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Canada ...It's The Coolest

Several young boys jump into a pool aboard ship.

Photograph of passengers keeping cool onboard TSS Olympia, July 1957

Credit: Canadian Museum of Immigration at Pier 21 [DI2015.425.5]

As far as countries go, Canada is pretty much the coolest...

There’s a saying in Canada that if you don’t like the weather, wait five minutes. We’re a toque wearing, ice hockey crazed nation known for our cold weather and unique ability to take mountains of snow in stride (stereotypically). We scrape our car windows, shovel our driveways and understand the significance of putting chains on our tires and sending children to school in snow pants. Testimonials from new arrivals attesting to our (sometimes) cruel winter months fill the Museum collection.

Well-drssed man and woman stand smiling at the camera.

Dr. Lalita Malhotra

In Season 2 of Countless Journeys, the Museum’s own podcast, Dr. Lalita Malhotra, the first immigrant woman of colour to set up a medical practice in Prince Albert, describes what it was like arriving in Saskatchewan, “Well, we arrived in summer, actually, and at that time I could never imagine how cold it can be because the summers were beautiful, 30 above at the time. But then winter came. And you can never imagine, it’s 40 below outside . . A friend said, okay, I’ll come pick you up for coffee, and I have this sari on, and she stands there. She said, ‘Do you know how cold it is outside?’ And I said, ‘It’s beautiful outside.’ And she said, ‘Go change. Put some pants on (laughter). I’m not taking you with a sari!’ But you could never imagine, from 30 to, about, 40 below. It was so unpredictable!”

One can only imagine the shock our weather patterns must bring, but not only for the cool temperatures, but the warm ones as well. Despite what the stereotypes will have you believe, Canada has a hand in the hot weather as well as the cold. When Zeana Issa came to Canada in 1997 from Jordan, she remembers, “The weather was very nice, which was surprising. It was July!”

Five young women sit on the deck of a ship.

War Brides enjoying the weather onboard the HMS Letitia, August 1946

In 2014, when Betty Ryckman was in England and going through her father’s effects after his death, she came across a packet of letters that had a familiar look. They turned out to be letters she had written to her family more than 50 years ago detailing her journey to Canada as a 21-year-old War Bride with a 5-month-old baby daughter named Linda. Betty said, ‘There aren’t too many of us left’ and she offered to share these memories with the Museum. She discusses the Atlantic crossing saying, “Life on the ocean waves gets worse. This morning we opened the portholes and got a shower bath. The waves came right in and we are on the top deck. This afternoon however, matters calmed down and we are running into the Canadian weather belt. The wind is still strong but it is like a hair drying machine it is so hot. You can hardly imagine what it is like. And still there is no sun, I haven’t seen a sign of it since we left England . . . We have run into the Canadian heat wave and what a heat wave. It even woke me up in the night it was so hot, and as you know that takes some doing. Linda has come out in a heat rash behind her ears and on her stomach but the M. D. says it’s nothing to worry about. 99% of the babies have it.” In her letters, Betty chats about what it will be like on arrival at Pier 21 and ends her letter saying, “they definitely do play ‘Here Comes the Bride’ when we walk down the gangplank. I thought it was a leg-pull but it’s right.” Upon arrival in London, Ontario, Betty describes the lovely weather and the new culture which she is delighted to partake, “Last night I undressed Linda, put her in her carrycot in the back of the car, and just drove around London. It’s a wonderful place, just like a high-class holiday resort. At night, it’s all lit up with neon signs and lights for adverts – just like fairyland. We called in a drug store coming home for a ‘hot dog.’ Late at night, the young folks sit around on high stools drinking iced drinks and playing jukeboxes just like in American films. I am enjoying every minute of it all.”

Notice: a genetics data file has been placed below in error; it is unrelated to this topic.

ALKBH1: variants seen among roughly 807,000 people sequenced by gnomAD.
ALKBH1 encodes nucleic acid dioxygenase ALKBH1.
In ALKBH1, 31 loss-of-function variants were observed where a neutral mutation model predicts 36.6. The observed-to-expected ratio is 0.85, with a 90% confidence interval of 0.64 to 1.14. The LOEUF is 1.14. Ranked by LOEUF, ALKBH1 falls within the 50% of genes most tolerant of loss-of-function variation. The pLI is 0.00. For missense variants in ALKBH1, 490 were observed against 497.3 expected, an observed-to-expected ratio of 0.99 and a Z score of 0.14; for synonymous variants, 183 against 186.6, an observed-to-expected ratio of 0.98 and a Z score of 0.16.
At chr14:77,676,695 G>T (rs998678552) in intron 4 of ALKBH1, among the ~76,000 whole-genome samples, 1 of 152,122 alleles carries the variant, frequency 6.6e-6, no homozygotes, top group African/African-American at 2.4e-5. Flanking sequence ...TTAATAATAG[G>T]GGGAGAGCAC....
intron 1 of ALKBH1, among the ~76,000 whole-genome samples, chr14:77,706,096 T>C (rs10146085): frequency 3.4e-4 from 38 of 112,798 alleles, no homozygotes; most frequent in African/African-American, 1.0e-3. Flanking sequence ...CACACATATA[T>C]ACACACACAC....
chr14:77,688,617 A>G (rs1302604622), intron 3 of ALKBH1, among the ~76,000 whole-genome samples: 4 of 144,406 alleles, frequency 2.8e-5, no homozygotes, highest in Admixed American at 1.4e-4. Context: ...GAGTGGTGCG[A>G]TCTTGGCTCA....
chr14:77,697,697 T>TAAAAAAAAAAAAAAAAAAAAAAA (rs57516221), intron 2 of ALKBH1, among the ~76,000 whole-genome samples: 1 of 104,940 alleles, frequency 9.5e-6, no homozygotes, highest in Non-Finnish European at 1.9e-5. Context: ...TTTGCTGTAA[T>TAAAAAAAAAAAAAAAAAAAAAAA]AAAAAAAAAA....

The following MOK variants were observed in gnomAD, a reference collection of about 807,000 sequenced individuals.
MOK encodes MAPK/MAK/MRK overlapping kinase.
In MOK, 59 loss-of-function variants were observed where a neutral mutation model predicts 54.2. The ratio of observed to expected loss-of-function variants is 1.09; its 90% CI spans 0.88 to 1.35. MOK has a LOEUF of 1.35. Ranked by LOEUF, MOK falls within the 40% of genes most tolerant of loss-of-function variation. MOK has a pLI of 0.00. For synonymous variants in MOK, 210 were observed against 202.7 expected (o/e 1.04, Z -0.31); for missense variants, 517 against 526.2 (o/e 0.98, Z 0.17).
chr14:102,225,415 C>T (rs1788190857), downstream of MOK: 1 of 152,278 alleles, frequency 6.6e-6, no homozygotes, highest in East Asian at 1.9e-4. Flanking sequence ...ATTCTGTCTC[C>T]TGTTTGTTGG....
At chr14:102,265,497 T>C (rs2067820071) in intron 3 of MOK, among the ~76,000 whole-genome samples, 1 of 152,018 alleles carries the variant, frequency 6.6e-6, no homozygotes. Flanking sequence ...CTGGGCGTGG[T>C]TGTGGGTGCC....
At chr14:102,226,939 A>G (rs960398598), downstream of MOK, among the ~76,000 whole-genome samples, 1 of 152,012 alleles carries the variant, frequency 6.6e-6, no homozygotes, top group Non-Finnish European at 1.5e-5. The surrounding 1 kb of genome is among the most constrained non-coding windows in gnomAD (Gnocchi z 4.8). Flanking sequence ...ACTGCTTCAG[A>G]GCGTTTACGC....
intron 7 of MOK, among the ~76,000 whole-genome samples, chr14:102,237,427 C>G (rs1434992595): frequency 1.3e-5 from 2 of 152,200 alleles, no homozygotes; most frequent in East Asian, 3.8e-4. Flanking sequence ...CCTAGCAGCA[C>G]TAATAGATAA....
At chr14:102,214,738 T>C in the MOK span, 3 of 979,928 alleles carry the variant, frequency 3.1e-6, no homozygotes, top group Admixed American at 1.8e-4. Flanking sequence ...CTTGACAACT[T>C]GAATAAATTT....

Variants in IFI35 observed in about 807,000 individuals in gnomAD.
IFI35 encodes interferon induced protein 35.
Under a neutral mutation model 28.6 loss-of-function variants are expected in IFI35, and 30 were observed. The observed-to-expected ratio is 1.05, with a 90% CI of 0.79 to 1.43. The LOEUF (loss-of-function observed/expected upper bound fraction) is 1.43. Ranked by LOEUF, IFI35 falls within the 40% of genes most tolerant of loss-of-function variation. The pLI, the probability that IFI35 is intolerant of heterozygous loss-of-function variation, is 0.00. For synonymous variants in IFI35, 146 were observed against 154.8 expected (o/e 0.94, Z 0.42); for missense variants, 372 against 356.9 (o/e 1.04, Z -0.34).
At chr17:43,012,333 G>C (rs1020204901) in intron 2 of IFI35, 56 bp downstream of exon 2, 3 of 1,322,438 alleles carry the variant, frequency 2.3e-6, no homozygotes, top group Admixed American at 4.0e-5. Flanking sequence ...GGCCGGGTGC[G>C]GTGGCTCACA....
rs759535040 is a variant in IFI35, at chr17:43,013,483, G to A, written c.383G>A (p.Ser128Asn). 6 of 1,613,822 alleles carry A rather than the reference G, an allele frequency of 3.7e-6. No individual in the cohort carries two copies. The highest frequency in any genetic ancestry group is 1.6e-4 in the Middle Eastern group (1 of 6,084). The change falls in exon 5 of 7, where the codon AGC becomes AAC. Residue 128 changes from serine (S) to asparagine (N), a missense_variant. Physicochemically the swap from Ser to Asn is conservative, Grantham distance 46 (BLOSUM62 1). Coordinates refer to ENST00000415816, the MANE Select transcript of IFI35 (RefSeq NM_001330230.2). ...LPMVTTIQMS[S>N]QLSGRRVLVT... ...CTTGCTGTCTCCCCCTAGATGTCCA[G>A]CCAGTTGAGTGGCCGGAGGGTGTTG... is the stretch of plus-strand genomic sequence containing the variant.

Winter in Canada isn’t all bad, with some being milder than others. Martin Seagull’s son describes how his father came from Poland aboard the Baltic American ship, Estonia, in 1926. Martin was destined for Winnipeg, Manitoba, as a farm labourer, but while travelling by train to Montreal, he struck up a conversation with a gentleman who told him how very cold Manitoba was and that the winters were brutal. On hearing this, he hopped a train for Southern Ontario and rode it as far south as possible, ending up in Windsor, Ontario, where he settled and later brought his wife and three young sons.

Newcomers and long time residents alike, Canadians remain ready for some of the planet's most diverse weather systems – whether that means digging out shovels, umbrellas or sunscreen.